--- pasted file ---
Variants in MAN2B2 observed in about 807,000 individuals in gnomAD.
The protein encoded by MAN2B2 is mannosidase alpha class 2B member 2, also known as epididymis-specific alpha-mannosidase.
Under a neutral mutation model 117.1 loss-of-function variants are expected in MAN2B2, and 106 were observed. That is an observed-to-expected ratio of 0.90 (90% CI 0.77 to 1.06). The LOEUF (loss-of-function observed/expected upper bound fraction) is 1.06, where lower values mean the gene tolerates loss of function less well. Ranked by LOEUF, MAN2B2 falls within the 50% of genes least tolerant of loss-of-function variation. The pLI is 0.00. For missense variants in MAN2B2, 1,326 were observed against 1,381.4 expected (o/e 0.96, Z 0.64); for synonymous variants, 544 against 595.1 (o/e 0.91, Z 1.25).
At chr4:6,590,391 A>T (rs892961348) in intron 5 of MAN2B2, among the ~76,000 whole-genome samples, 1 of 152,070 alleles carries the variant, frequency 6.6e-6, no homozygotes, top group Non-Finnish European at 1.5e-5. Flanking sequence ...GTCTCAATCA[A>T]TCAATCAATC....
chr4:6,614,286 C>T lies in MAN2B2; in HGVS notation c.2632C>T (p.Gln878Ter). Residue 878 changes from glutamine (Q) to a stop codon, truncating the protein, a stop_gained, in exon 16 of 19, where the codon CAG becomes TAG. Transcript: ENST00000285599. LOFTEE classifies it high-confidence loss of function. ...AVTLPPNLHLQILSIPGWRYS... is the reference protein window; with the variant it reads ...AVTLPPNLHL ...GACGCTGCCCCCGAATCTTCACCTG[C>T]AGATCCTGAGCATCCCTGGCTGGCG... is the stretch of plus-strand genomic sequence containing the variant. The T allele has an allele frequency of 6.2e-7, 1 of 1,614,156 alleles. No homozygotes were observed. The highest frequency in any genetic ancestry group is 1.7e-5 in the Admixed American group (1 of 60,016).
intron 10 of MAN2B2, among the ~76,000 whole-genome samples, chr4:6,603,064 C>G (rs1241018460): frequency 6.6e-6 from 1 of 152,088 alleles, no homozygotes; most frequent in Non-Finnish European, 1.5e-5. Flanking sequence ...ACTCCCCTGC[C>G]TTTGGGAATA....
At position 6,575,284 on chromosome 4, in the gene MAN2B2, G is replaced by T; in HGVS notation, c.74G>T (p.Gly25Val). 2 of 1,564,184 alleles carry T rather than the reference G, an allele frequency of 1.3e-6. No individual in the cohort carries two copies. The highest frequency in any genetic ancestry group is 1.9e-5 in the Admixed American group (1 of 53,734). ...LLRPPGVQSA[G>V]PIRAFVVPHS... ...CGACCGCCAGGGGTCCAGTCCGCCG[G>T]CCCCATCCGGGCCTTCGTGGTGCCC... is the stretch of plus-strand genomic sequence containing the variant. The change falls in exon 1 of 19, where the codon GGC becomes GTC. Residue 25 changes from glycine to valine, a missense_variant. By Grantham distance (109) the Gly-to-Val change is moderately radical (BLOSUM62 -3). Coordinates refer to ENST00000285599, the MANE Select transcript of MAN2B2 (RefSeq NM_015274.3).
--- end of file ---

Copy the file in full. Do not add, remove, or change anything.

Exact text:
Variants in MAN2B2 observed in about 807,000 individuals in gnomAD.
The protein encoded by MAN2B2 is mannosidase alpha class 2B member 2, also known as epididymis-specific alpha-mannosidase.
Under a neutral mutation model 117.1 loss-of-function variants are expected in MAN2B2, and 106 were observed. That is an observed-to-expected ratio of 0.90 (90% CI 0.77 to 1.06). The LOEUF (loss-of-function observed/expected upper bound fraction) is 1.06, where lower values mean the gene tolerates loss of function less well. Ranked by LOEUF, MAN2B2 falls within the 50% of genes least tolerant of loss-of-function variation. The pLI is 0.00. For missense variants in MAN2B2, 1,326 were observed against 1,381.4 expected (o/e 0.96, Z 0.64); for synonymous variants, 544 against 595.1 (o/e 0.91, Z 1.25).
At chr4:6,590,391 A>T (rs892961348) in intron 5 of MAN2B2, among the ~76,000 whole-genome samples, 1 of 152,070 alleles carries the variant, frequency 6.6e-6, no homozygotes, top group Non-Finnish European at 1.5e-5. Flanking sequence ...GTCTCAATCA[A>T]TCAATCAATC....
chr4:6,614,286 C>T lies in MAN2B2; in HGVS notation c.2632C>T (p.Gln878Ter). Residue 878 changes from glutamine (Q) to a stop codon, truncating the protein, a stop_gained, in exon 16 of 19, where the codon CAG becomes TAG. Transcript: ENST00000285599. LOFTEE classifies it high-confidence loss of function. ...AVTLPPNLHLQILSIPGWRYS... is the reference protein window; with the variant it reads ...AVTLPPNLHL ...GACGCTGCCCCCGAATCTTCACCTG[C>T]AGATCCTGAGCATCCCTGGCTGGCG... is the stretch of plus-strand genomic sequence containing the variant. The T allele has an allele frequency of 6.2e-7, 1 of 1,614,156 alleles. No homozygotes were observed. The highest frequency in any genetic ancestry group is 1.7e-5 in the Admixed American group (1 of 60,016).
intron 10 of MAN2B2, among the ~76,000 whole-genome samples, chr4:6,603,064 C>G (rs1241018460): frequency 6.6e-6 from 1 of 152,088 alleles, no homozygotes; most frequent in Non-Finnish European, 1.5e-5. Flanking sequence ...ACTCCCCTGC[C>G]TTTGGGAATA....
At position 6,575,284 on chromosome 4, in the gene MAN2B2, G is replaced by T; in HGVS notation, c.74G>T (p.Gly25Val). 2 of 1,564,184 alleles carry T rather than the reference G, an allele frequency of 1.3e-6. No individual in the cohort carries two copies. The highest frequency in any genetic ancestry group is 1.9e-5 in the Admixed American group (1 of 53,734). ...LLRPPGVQSA[G>V]PIRAFVVPHS... ...CGACCGCCAGGGGTCCAGTCCGCCG[G>T]CCCCATCCGGGCCTTCGTGGTGCCC... is the stretch of plus-strand genomic sequence containing the variant. The change falls in exon 1 of 19, where the codon GGC becomes GTC. Residue 25 changes from glycine to valine, a missense_variant. By Grantham distance (109) the Gly-to-Val change is moderately radical (BLOSUM62 -3). Coordinates refer to ENST00000285599, the MANE Select transcript of MAN2B2 (RefSeq NM_015274.3).